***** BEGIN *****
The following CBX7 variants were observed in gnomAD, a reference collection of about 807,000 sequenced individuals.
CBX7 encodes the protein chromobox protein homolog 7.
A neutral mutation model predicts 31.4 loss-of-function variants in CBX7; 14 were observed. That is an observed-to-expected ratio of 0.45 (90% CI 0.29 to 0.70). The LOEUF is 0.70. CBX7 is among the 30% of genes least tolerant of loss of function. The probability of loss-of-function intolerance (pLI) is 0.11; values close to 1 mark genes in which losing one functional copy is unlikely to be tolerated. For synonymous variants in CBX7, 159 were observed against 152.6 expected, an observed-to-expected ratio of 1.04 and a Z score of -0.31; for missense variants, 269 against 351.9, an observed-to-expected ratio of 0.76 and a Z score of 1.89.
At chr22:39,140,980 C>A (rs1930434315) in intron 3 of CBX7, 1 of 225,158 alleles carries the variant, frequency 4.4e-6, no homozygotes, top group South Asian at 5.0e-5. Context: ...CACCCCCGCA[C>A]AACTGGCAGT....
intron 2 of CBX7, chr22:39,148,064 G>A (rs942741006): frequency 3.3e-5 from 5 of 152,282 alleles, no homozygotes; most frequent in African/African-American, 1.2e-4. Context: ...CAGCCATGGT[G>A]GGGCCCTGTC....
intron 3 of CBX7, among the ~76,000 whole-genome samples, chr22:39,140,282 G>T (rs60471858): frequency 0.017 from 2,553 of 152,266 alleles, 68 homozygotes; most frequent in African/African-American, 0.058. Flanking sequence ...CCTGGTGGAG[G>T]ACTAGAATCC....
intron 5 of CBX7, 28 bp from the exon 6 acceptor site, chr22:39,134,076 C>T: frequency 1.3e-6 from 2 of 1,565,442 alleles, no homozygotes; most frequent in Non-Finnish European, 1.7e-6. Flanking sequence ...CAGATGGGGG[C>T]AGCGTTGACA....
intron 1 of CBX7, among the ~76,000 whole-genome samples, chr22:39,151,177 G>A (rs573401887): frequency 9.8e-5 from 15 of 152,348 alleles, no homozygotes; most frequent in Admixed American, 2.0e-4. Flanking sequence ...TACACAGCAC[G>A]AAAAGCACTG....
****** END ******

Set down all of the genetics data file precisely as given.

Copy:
The following CBX7 variants were observed in gnomAD, a reference collection of about 807,000 sequenced individuals.
CBX7 encodes the protein chromobox protein homolog 7.
A neutral mutation model predicts 31.4 loss-of-function variants in CBX7; 14 were observed. That is an observed-to-expected ratio of 0.45 (90% CI 0.29 to 0.70). The LOEUF is 0.70. CBX7 is among the 30% of genes least tolerant of loss of function. The probability of loss-of-function intolerance (pLI) is 0.11; values close to 1 mark genes in which losing one functional copy is unlikely to be tolerated. For synonymous variants in CBX7, 159 were observed against 152.6 expected, an observed-to-expected ratio of 1.04 and a Z score of -0.31; for missense variants, 269 against 351.9, an observed-to-expected ratio of 0.76 and a Z score of 1.89.
At chr22:39,140,980 C>A (rs1930434315) in intron 3 of CBX7, 1 of 225,158 alleles carries the variant, frequency 4.4e-6, no homozygotes, top group South Asian at 5.0e-5. Context: ...CACCCCCGCA[C>A]AACTGGCAGT....
intron 2 of CBX7, chr22:39,148,064 G>A (rs942741006): frequency 3.3e-5 from 5 of 152,282 alleles, no homozygotes; most frequent in African/African-American, 1.2e-4. Context: ...CAGCCATGGT[G>A]GGGCCCTGTC....
intron 3 of CBX7, among the ~76,000 whole-genome samples, chr22:39,140,282 G>T (rs60471858): frequency 0.017 from 2,553 of 152,266 alleles, 68 homozygotes; most frequent in African/African-American, 0.058. Flanking sequence ...CCTGGTGGAG[G>T]ACTAGAATCC....
intron 5 of CBX7, 28 bp from the exon 6 acceptor site, chr22:39,134,076 C>T: frequency 1.3e-6 from 2 of 1,565,442 alleles, no homozygotes; most frequent in Non-Finnish European, 1.7e-6. Flanking sequence ...CAGATGGGGG[C>T]AGCGTTGACA....
intron 1 of CBX7, among the ~76,000 whole-genome samples, chr22:39,151,177 G>A (rs573401887): frequency 9.8e-5 from 15 of 152,348 alleles, no homozygotes; most frequent in Admixed American, 2.0e-4. Flanking sequence ...TACACAGCAC[G>A]AAAAGCACTG....